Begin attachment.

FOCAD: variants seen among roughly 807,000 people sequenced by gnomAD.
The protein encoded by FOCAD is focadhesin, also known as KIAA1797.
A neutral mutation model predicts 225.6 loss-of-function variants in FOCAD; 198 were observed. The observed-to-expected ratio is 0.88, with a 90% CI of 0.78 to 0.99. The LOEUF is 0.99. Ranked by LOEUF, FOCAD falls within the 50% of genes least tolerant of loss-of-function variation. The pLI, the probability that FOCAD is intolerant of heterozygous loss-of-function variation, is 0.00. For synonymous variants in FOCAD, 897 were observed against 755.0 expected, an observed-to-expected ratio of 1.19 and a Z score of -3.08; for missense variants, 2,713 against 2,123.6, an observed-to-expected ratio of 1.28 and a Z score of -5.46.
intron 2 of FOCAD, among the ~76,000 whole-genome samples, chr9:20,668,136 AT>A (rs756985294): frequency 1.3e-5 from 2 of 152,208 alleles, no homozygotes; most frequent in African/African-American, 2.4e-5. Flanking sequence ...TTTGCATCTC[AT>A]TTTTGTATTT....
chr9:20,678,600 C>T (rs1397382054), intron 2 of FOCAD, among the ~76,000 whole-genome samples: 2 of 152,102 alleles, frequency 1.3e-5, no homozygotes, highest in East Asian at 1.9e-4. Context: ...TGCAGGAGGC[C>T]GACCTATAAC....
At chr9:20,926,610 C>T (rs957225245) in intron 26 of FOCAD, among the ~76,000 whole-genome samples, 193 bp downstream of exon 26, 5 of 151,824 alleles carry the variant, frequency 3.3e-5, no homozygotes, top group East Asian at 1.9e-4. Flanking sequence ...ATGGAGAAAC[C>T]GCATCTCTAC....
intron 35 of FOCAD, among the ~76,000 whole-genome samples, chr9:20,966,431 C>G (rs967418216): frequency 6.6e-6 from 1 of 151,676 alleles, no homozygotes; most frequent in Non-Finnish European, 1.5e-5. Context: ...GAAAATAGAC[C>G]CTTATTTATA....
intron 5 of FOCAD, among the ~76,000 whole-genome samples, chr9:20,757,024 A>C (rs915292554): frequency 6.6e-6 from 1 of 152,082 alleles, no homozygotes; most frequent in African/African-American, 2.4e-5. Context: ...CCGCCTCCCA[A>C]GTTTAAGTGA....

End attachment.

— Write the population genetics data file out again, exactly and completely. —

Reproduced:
FOCAD: variants seen among roughly 807,000 people sequenced by gnomAD.
The protein encoded by FOCAD is focadhesin, also known as KIAA1797.
A neutral mutation model predicts 225.6 loss-of-function variants in FOCAD; 198 were observed. The observed-to-expected ratio is 0.88, with a 90% CI of 0.78 to 0.99. The LOEUF is 0.99. Ranked by LOEUF, FOCAD falls within the 50% of genes least tolerant of loss-of-function variation. The pLI, the probability that FOCAD is intolerant of heterozygous loss-of-function variation, is 0.00. For synonymous variants in FOCAD, 897 were observed against 755.0 expected, an observed-to-expected ratio of 1.19 and a Z score of -3.08; for missense variants, 2,713 against 2,123.6, an observed-to-expected ratio of 1.28 and a Z score of -5.46.
intron 2 of FOCAD, among the ~76,000 whole-genome samples, chr9:20,668,136 AT>A (rs756985294): frequency 1.3e-5 from 2 of 152,208 alleles, no homozygotes; most frequent in African/African-American, 2.4e-5. Flanking sequence ...TTTGCATCTC[AT>A]TTTTGTATTT....
chr9:20,678,600 C>T (rs1397382054), intron 2 of FOCAD, among the ~76,000 whole-genome samples: 2 of 152,102 alleles, frequency 1.3e-5, no homozygotes, highest in East Asian at 1.9e-4. Context: ...TGCAGGAGGC[C>T]GACCTATAAC....
At chr9:20,926,610 C>T (rs957225245) in intron 26 of FOCAD, among the ~76,000 whole-genome samples, 193 bp downstream of exon 26, 5 of 151,824 alleles carry the variant, frequency 3.3e-5, no homozygotes, top group East Asian at 1.9e-4. Flanking sequence ...ATGGAGAAAC[C>T]GCATCTCTAC....
intron 35 of FOCAD, among the ~76,000 whole-genome samples, chr9:20,966,431 C>G (rs967418216): frequency 6.6e-6 from 1 of 151,676 alleles, no homozygotes; most frequent in Non-Finnish European, 1.5e-5. Context: ...GAAAATAGAC[C>G]CTTATTTATA....
intron 5 of FOCAD, among the ~76,000 whole-genome samples, chr9:20,757,024 A>C (rs915292554): frequency 6.6e-6 from 1 of 152,082 alleles, no homozygotes; most frequent in African/African-American, 2.4e-5. Context: ...CCGCCTCCCA[A>C]GTTTAAGTGA....